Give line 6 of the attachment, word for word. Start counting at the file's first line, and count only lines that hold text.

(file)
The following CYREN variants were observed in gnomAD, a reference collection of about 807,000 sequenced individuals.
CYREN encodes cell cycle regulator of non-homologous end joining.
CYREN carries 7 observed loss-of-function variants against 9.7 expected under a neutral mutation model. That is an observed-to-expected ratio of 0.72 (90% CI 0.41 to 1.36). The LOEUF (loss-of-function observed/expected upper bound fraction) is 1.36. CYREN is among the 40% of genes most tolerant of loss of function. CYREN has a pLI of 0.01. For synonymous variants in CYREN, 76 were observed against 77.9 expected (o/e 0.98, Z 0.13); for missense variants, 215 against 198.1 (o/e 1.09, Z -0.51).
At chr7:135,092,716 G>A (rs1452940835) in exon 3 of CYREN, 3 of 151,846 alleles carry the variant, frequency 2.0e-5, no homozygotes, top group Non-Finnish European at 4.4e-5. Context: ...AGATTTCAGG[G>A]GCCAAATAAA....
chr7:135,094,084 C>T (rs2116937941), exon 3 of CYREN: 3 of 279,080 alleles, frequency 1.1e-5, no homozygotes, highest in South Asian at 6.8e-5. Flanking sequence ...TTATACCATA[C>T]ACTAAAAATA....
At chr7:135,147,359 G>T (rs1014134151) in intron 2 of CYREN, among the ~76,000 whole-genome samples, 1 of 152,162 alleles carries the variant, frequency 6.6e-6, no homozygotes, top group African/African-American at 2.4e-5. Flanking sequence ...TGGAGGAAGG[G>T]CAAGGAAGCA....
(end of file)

At chr7:135,147,359 G>T (rs1014134151) in intron 2 of CYREN, among the ~76,000 whole-genome samples, 1 of 152,162 alleles carries the variant, frequency 6.6e-6, no homozygotes, top group African/African-American at 2.4e-5. Flanking sequence ...TGGAGGAAGG[G>T]CAAGGAAGCA....